I self-identified as “the smart kid.” To ask for help, to ask a question, was to demonstrate that I didn’t know the answer. My self-image was so fragile that I truly believed that admitting ignorance or insufficiency would shatter it.
When I was about 14, my mom got pretty sick for a few days. At this point, I don’t remember what the ailment was, just that it made an impression! But in typical mom-fashion, she pushed through, driving us to school and keeping things generally running along while she was under the weather. One of these mornings, it was pouring down raining and my mom’s Yukon XL was parked in the yard rather than under the carport.
Mom asked me if I knew how to pull the car up. I immediately said, “Yeah! Of course.”
I definitely didn’t.
Though I’d watched my parents drive for years, I’d missed some of the finer points. Like you have to press the brake to shift gears. Which I worked unsuccessfully to do for about 5 minutes. And let me tell you: A Yukon XL, even by my current standards of regularly driving a full-size SUV, is a BIG vehicle. For a 14-year-old who doesn’t even know how to shift the thing, it’s a rather terrifying and conspicuous aircraft carrier on land.
Finally, my mom came out to rescue a frustrated and tearful me with my little sister in tow, and I fessed up my ignorance. Finally backing us out, Mom showed me how pressing the brake released the shifter in the console, and we talked about how to use mirrors to back up. A few minutes into the ride, she asked that question I used to hate:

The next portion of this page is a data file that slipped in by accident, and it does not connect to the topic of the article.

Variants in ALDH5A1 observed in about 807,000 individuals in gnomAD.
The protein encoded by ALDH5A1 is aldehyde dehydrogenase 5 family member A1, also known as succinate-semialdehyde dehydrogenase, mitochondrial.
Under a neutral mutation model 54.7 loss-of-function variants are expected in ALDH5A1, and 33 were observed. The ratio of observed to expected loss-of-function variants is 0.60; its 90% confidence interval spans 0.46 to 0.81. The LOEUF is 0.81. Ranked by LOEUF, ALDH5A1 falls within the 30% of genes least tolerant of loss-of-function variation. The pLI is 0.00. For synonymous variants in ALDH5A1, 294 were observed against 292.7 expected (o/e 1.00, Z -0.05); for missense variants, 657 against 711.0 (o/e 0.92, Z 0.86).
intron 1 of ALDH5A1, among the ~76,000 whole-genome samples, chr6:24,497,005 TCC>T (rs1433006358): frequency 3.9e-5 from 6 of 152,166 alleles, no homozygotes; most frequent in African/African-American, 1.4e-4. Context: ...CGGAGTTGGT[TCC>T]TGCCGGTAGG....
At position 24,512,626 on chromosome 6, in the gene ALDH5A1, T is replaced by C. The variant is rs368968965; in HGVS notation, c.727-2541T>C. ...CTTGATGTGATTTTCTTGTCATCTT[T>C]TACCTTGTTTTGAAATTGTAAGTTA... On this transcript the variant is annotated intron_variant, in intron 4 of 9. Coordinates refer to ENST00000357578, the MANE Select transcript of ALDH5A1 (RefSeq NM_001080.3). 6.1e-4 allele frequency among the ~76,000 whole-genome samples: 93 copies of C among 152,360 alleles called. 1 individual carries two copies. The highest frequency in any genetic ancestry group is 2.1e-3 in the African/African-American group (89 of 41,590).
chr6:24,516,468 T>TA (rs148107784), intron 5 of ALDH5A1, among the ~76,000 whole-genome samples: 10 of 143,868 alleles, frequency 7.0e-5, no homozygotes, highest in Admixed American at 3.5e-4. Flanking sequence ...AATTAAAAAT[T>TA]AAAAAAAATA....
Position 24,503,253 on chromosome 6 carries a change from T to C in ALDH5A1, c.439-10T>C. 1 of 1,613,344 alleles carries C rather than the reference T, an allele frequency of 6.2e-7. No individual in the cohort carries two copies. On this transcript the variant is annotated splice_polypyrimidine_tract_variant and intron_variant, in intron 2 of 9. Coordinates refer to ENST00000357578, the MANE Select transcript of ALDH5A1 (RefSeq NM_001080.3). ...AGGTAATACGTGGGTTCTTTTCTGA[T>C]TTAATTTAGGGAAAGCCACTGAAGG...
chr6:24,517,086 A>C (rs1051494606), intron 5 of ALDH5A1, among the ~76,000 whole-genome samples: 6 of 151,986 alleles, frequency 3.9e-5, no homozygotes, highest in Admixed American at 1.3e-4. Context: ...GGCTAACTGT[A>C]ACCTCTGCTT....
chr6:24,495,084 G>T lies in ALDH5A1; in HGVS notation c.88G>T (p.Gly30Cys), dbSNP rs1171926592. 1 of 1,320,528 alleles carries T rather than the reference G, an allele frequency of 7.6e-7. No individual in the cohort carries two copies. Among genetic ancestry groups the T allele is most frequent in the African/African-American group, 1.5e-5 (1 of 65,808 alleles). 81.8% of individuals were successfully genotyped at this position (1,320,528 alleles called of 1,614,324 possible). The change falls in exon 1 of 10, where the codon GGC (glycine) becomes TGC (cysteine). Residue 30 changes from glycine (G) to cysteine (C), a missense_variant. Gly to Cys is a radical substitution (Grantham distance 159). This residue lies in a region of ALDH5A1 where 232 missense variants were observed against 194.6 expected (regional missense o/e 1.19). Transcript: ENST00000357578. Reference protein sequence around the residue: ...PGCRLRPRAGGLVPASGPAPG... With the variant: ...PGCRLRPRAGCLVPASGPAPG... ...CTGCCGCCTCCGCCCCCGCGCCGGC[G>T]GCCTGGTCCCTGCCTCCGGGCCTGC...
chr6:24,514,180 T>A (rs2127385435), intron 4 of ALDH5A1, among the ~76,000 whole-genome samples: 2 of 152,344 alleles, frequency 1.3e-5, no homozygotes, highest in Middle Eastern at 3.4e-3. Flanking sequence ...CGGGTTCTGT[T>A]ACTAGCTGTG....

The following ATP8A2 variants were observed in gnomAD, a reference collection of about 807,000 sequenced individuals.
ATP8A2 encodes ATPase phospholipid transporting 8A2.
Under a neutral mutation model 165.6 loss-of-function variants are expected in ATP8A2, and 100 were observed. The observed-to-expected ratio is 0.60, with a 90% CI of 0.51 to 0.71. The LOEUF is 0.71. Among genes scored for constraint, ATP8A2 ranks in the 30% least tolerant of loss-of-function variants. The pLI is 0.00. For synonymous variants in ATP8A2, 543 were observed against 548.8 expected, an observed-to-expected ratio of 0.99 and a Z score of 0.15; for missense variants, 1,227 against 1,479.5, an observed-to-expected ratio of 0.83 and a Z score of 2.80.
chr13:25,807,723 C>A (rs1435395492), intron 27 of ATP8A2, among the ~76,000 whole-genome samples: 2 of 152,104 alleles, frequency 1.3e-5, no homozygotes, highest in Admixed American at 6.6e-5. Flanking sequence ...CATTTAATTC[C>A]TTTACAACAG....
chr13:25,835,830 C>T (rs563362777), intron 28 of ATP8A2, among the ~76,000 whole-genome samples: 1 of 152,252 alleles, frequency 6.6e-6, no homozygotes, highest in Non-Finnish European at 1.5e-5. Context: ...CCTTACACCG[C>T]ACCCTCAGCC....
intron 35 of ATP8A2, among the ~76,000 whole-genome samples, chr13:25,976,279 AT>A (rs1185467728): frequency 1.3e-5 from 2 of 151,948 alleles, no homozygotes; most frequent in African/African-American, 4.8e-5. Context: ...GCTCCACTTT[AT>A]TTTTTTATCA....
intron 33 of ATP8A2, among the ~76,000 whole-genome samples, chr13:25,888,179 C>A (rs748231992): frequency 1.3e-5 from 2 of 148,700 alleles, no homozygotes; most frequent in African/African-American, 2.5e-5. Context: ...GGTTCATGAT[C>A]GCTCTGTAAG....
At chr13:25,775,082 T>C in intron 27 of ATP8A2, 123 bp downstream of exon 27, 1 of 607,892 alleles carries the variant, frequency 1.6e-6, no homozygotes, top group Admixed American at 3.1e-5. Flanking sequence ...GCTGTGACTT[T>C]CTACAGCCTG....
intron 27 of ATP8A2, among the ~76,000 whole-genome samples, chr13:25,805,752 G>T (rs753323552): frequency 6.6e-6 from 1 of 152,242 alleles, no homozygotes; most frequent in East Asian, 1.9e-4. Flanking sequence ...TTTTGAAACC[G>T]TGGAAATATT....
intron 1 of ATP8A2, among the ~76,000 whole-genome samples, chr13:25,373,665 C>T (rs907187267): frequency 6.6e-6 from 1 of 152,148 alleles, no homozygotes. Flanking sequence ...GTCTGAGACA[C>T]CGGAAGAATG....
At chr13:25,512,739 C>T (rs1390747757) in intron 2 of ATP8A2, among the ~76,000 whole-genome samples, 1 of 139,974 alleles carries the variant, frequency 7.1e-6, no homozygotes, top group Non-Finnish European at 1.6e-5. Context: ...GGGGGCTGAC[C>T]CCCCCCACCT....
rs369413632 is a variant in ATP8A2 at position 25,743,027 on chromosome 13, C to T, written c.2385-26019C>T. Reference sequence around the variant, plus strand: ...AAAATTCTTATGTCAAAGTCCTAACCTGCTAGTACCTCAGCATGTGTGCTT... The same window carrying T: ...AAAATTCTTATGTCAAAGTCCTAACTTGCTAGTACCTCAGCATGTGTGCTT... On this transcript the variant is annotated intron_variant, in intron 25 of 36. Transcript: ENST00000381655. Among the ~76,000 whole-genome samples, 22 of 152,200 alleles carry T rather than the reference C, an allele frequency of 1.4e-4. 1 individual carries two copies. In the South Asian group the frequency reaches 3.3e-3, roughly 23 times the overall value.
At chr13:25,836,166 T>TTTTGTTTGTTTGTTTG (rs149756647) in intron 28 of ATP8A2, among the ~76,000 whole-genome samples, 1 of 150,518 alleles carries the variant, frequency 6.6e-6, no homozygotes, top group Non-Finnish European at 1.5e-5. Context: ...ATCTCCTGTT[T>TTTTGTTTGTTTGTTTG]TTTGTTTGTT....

“If you didn’t know, why didn’t you ask?”
Honestly, it was because I was scared to admit my own insufficiency, hesitant to open myself to judgment.
But in doing so, I erected walls that actually impeded sharing information.
My tight rein on my own vulnerabilities were even a barrier to friendship.
Because we build in open places.
Relationship. Community. Sisterhood. Our vulnerabilities allow others to stretch out their strengths and touch us.
All I had to do was ask.
Receiving Another’s Request
Why didn’t my son ask me if he could have those delicious Lucky Charms?
Because he thought I’d say no.
Maybe he felt the waves of exhausted tension rolling off me, pushing his needs and wants away.
It concerned me because sneaking isn’t his style. Asking and being volubly disappointed in a resulting “No” is a regular occurrence. But Dex almost always asks.
But in this case, in me, his mama, who has sheltered him and provided for his every need since before his first breath, my son didn’t see an open, safe place to ask.
So he hid.
Making Space for Questions
I strive to raise my children with boundaries and guidelines. We try hard to “train up a child in the way he should go.” Dex is a force of nature and constant ball of energy that I’m nearly always struggling to corral and channel.
But I want my children to always feel safe in their questions.
Because we all have uncertainties. We all have doubts. I still have wants and needs that I need to express sometimes.
Am I making space as a mother, a spouse, and a friend for the asks of others?
What Do You Need?
Help with the dishes?
Information you don’t have?
The key to the dressing room at a store?